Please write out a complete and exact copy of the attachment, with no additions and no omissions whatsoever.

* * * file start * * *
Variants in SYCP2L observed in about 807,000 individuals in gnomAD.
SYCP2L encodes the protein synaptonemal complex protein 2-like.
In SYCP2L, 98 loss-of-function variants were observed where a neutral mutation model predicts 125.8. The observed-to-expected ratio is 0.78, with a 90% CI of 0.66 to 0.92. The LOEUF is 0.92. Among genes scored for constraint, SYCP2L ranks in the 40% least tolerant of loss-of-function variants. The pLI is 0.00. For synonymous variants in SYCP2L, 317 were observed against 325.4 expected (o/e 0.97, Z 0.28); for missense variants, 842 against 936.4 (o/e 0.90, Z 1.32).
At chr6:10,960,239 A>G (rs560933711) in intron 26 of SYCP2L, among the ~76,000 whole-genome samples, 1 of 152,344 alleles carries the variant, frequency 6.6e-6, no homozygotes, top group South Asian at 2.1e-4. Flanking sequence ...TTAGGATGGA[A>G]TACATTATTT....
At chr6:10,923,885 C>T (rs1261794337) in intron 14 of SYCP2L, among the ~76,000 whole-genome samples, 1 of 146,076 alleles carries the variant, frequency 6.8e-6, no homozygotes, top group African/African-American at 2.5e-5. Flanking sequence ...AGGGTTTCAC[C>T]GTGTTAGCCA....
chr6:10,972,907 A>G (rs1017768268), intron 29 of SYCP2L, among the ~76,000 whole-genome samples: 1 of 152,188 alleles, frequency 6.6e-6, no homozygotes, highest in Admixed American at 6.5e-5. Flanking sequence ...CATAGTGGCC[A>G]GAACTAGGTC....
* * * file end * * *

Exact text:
Variants in SYCP2L observed in about 807,000 individuals in gnomAD.
SYCP2L encodes the protein synaptonemal complex protein 2-like.
In SYCP2L, 98 loss-of-function variants were observed where a neutral mutation model predicts 125.8. The observed-to-expected ratio is 0.78, with a 90% CI of 0.66 to 0.92. The LOEUF is 0.92. Among genes scored for constraint, SYCP2L ranks in the 40% least tolerant of loss-of-function variants. The pLI is 0.00. For synonymous variants in SYCP2L, 317 were observed against 325.4 expected (o/e 0.97, Z 0.28); for missense variants, 842 against 936.4 (o/e 0.90, Z 1.32).
At chr6:10,960,239 A>G (rs560933711) in intron 26 of SYCP2L, among the ~76,000 whole-genome samples, 1 of 152,344 alleles carries the variant, frequency 6.6e-6, no homozygotes, top group South Asian at 2.1e-4. Flanking sequence ...TTAGGATGGA[A>G]TACATTATTT....
At chr6:10,923,885 C>T (rs1261794337) in intron 14 of SYCP2L, among the ~76,000 whole-genome samples, 1 of 146,076 alleles carries the variant, frequency 6.8e-6, no homozygotes, top group African/African-American at 2.5e-5. Flanking sequence ...AGGGTTTCAC[C>T]GTGTTAGCCA....
chr6:10,972,907 A>G (rs1017768268), intron 29 of SYCP2L, among the ~76,000 whole-genome samples: 1 of 152,188 alleles, frequency 6.6e-6, no homozygotes, highest in Admixed American at 6.5e-5. Flanking sequence ...CATAGTGGCC[A>G]GAACTAGGTC....